North Dakota has seen an increase in the graduation rate for Native American students.
State school Superintendent Kirsten Baesler said when she was first elected, the Native graduation rate was 57%. Now it’s 72%. And Baesler said while that is significant progress, there’s more to do.
The overall graduation rate in North Dakota is 89%.
Baesler attributes the better numbers for Native American children in part to more engaged school boards.
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"When school boards get distracted by spending more time talking about adult issues, and less time talking about issues that impact their students, those schools go astray," Baesler told Prairie Public radio.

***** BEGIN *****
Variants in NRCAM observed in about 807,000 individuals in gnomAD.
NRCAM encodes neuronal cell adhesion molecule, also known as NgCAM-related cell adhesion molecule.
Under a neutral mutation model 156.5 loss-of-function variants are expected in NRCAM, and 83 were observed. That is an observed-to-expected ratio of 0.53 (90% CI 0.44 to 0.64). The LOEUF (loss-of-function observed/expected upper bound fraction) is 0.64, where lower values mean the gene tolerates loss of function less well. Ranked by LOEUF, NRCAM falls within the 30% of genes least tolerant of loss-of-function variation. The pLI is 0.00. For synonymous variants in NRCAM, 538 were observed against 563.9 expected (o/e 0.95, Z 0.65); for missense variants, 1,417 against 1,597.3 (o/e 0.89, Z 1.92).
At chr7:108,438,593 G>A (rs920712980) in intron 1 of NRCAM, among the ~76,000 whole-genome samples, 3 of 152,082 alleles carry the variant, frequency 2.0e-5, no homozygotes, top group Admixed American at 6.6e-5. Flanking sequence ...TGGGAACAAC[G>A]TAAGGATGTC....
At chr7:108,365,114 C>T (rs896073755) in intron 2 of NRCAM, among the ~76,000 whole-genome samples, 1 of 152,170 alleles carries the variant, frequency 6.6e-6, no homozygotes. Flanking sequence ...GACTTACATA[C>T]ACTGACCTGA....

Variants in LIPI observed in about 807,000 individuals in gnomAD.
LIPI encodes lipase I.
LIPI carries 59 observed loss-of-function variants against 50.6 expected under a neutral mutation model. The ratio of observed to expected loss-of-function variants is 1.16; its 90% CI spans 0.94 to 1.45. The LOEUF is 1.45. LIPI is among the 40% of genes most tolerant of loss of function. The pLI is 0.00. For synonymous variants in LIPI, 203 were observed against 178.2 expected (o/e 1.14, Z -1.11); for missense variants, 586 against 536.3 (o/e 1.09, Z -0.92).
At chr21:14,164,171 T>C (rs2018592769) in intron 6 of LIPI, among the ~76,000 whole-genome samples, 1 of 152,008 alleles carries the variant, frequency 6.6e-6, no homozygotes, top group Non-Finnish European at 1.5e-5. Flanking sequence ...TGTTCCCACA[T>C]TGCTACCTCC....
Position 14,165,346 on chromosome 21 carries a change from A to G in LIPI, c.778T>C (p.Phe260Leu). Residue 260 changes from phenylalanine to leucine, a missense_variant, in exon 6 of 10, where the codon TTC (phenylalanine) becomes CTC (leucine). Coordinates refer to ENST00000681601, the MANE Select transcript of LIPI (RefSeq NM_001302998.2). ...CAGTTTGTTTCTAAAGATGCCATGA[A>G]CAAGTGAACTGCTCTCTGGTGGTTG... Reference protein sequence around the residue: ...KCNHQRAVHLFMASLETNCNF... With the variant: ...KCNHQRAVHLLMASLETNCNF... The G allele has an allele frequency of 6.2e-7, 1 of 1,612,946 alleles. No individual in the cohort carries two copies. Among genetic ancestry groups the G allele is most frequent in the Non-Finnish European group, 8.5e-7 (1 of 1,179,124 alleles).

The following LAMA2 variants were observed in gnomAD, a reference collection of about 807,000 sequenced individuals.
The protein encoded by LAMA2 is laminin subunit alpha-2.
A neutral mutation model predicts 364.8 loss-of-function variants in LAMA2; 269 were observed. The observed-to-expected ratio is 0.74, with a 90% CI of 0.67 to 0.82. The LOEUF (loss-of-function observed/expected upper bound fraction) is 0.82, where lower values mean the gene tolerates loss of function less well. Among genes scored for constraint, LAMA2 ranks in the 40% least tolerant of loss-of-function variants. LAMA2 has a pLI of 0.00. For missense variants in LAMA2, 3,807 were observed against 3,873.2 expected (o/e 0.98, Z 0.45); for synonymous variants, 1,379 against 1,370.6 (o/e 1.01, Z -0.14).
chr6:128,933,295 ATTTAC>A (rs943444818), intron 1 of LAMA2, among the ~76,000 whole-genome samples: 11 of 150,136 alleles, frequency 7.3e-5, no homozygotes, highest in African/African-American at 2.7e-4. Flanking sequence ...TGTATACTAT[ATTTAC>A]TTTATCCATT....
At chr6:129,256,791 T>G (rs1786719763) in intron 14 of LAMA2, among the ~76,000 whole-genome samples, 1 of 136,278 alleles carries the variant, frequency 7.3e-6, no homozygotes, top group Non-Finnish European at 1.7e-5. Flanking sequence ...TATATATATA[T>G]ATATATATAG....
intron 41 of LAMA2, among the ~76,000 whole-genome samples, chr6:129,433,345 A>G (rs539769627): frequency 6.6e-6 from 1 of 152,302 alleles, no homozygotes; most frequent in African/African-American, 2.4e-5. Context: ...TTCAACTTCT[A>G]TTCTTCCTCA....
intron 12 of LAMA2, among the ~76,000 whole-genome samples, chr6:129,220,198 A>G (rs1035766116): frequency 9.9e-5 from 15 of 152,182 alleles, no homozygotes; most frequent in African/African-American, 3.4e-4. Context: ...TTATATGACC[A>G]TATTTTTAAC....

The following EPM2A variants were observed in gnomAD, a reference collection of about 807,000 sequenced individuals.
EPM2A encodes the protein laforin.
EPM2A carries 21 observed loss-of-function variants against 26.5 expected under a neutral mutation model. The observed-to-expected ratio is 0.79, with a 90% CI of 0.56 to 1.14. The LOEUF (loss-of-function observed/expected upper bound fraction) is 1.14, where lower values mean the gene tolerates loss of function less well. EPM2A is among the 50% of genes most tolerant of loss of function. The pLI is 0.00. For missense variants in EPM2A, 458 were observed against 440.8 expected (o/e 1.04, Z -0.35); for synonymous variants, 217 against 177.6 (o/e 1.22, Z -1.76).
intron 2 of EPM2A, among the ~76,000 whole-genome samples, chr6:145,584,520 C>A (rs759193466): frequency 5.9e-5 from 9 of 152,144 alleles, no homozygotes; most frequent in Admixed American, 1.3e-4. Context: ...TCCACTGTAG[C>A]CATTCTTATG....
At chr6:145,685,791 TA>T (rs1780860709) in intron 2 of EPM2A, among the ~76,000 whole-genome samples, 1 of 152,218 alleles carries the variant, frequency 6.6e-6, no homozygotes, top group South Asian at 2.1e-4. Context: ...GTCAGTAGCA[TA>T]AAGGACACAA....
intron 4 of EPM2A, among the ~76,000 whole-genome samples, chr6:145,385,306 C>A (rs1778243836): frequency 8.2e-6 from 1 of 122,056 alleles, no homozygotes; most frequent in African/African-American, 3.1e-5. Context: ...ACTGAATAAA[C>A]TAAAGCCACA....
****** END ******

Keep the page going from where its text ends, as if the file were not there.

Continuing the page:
Baesler said the Department of Public Instruction has been working with local schools to institute more culturally-aware curriculum in schools across the state.
"Over 2,000 of our teachers have received the 'Essential Understandings' training DPI has offered for the last five years," Baesler said. "It's our goal to make sure all of our teachers have that training."
Baesler said one trend she’s noticing is Native American students who take two or more career and technical education courses actually have shown a 94% graduation rate.
"If they take two years of marketing, automotive or construction, any CTE course, they're graduating at a higher rate than the state average," Baesler said. "There's something in those courses we need to capture more of."
Baesler said in the recent National Assessment of Educational Progress test, Native American reading scores went up three points.